RCEP helps emerging Asia-Pacific community with a shared future

Editor’s Note: Ji Xianbai is an assistant professor at the School of International Studies at Renmin University of China. He is the author of “Mega-regionalism and the geo-economic competition of the great powers”. The article reflects the views of the author and not necessarily those of CGTN.

For a long time, the global landscape of regionalism was dominated by two major trading blocs, namely the European Single Market which underpins the European integration project and the North American Free Trade Area (now superseded by the Agreement United States-Mexico-Canada) which cemented the central role of the North American economic circle in the global economy.

This bipolar, Euro-Atlantic-centric state of affairs – reminiscent of the imperial world order of yesteryear – is now behind us with the emergence of a tripolar model. Indeed, the historic Regional Comprehensive Economic Partnership (RCEP) takes effect today in 10 thriving Asia-Pacific economies: Australia, Brunei, Cambodia, China, Japan, Laos, New Zealand, Singapore, Thailand and Vietnam. (The deal will go into effect in South Korea within a month.)

Once four remaining countries (Indonesia, Malaysia, Myanmar and the Philippines) complete their respective national legislative procedures to apply it, RCEP will be the largest regional trade agreement in the world.

While it does not replace the pre-existing cross-trade agreements in place between the Association of Southeast Asian Nations (ASEAN) and its dialogue partners, RCEP actually simplifies regional trade rules, adopts rules of origin favorable to integration, improves cross-border coordination of exchange services, promotes the involvement of micro, small and medium-sized enterprises in international trade and lays a solid foundation for future cooperation on the digital economy and regulatory coherence .

As we know, India, a founding member of RCEP, withdrew at the last minute. But since India was not a core economy of the RCEP grouping, India’s withdrawal will not be too serious an obstacle for other RCEP participants, especially developing economies in Southeast Asia, to reap the benefits. benefits of closer economic integration with each other and with the North East. The economic heavyweights of Asia and the Pacific.

Traffic police patrol a street under increased social distancing amid the COVID-19 pandemic in Ho Chi Minh City, southern Vietnam, August 23, 2021. / Xinhua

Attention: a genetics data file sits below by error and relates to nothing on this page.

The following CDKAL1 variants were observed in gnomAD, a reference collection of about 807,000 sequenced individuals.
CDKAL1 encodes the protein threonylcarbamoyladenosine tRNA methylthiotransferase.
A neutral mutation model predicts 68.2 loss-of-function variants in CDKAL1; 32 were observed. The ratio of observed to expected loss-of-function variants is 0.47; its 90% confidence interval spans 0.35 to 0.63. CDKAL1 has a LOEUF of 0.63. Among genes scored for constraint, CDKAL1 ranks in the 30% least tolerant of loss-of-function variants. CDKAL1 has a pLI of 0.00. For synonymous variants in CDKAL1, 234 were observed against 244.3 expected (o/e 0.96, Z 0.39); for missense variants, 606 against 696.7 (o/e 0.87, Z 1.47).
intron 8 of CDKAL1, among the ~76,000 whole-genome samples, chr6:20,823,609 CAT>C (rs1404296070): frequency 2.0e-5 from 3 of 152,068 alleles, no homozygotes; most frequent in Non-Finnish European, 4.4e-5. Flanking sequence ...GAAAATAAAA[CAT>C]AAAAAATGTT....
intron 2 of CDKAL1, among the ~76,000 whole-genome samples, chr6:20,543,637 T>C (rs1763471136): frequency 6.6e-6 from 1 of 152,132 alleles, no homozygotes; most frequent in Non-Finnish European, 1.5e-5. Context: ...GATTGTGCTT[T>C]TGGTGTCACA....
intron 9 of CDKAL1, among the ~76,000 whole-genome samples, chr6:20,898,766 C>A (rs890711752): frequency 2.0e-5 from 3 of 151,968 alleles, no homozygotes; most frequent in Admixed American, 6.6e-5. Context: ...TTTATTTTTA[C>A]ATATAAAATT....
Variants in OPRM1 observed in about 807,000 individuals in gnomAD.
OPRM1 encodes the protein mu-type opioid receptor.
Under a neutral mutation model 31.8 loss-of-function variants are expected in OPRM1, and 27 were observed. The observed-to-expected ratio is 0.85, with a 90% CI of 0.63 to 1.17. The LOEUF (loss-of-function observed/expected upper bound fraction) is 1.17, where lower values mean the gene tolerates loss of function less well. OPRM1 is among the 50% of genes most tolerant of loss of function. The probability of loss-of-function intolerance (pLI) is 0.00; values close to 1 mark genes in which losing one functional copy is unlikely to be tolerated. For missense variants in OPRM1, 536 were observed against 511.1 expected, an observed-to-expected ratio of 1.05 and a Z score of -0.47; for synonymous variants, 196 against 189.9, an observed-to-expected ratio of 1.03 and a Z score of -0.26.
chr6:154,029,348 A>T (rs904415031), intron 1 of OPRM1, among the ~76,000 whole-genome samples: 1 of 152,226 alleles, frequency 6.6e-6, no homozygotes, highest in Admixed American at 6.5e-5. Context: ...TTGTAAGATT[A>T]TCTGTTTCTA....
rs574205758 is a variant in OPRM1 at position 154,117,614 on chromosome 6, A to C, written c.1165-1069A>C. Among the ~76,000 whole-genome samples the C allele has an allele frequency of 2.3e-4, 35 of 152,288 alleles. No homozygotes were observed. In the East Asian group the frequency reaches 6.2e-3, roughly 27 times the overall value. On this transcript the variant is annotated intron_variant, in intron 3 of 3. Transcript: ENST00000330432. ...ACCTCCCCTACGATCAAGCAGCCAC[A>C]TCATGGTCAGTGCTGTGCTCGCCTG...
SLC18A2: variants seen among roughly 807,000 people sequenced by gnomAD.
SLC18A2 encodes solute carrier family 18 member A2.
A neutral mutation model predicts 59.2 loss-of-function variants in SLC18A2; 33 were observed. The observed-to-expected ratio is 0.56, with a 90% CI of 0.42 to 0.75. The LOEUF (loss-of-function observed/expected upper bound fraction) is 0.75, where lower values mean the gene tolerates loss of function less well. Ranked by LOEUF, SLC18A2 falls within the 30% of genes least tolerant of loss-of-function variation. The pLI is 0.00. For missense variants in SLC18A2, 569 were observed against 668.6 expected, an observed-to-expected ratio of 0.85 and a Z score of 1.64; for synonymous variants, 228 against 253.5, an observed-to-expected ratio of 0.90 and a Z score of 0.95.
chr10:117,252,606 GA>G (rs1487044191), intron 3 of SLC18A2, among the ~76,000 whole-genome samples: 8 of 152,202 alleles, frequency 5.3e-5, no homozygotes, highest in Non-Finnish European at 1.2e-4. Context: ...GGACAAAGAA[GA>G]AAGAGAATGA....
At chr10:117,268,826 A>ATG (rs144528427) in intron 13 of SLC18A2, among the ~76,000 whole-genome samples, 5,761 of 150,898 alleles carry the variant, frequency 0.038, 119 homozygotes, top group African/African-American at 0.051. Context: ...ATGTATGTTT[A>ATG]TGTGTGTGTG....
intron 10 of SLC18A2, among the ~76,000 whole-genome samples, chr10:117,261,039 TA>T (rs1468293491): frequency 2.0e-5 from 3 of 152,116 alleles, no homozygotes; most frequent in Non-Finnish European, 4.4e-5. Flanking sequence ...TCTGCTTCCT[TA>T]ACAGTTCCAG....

Traffic police patrol a street under increased social distancing amid the COVID-19 pandemic in Ho Chi Minh City, southern Vietnam, August 23, 2021. / Xinhua

The economies of Southeast Asia have been hit hard by the debilitating COVID-19 pandemic, which has resulted in massive job losses, capital flight, factory closures and budget difficulties in large part of the region. In 2020, all but four Southeast Asian countries (Brunei, Laos, Myanmar and Vietnam) experienced negative economic growth.

Certainly, the region’s road to economic recovery will be filled with uncertainties and difficulties and will depend on the global path of vaccination and economic recovery. Yet the timely enactment of the RCEP Agreement will certainly provide a regional economic, legal and institutional framework within which interconnected economic growth can be facilitated and catalyzed.

With the Belt and Road Initiative (BRI) aimed at improving connectivity between nations, RCEP will help lift Southeast Asia out of the economic trough. The recently inaugurated China-Lao Railway connecting the Chinese city of Kunming in southwest China to the Laotian capital of Vientiane, which is part of the BRI, for example, has given much hope to revive the landlocked Laotian economy in the era of RCEP.

Looking forward to a post-COVID-19 era, one can’t help but wonder how RCEP might develop into the next stage. I see great potential for RCEP to become a pan-Pacific trade agreement encompassing all countries in the region. Some should point to the Asia-Pacific Economic Cooperation (APEC) and the Comprehensive and Progressive Agreement for Trans-Pacific Partnership (CPTPP) as two alternative bases on which trans-Pacific economic cooperation can be structured. But the first is a loose framework marked by increased voluntarism while the second is too legally demanding to be inclusive. The high technical standards embodied in the CPTPP model and its insensitivity to the region’s disparate national economic and political circumstances suggest that broad application of its rules and provisions is not achievable in the short to medium term.

In November 2020, Chinese President Xi Jinping called for efforts to build an Asia-Pacific community of destiny, setting out China’s vision of leveraging regional integration and economic cooperation for lasting peace, prosperity. common and cultural harmony. If there is one thing that best embodies this vision, it would be RCEP. As the agreement comes into force, an Asia-Pacific community with a shared future is emerging.

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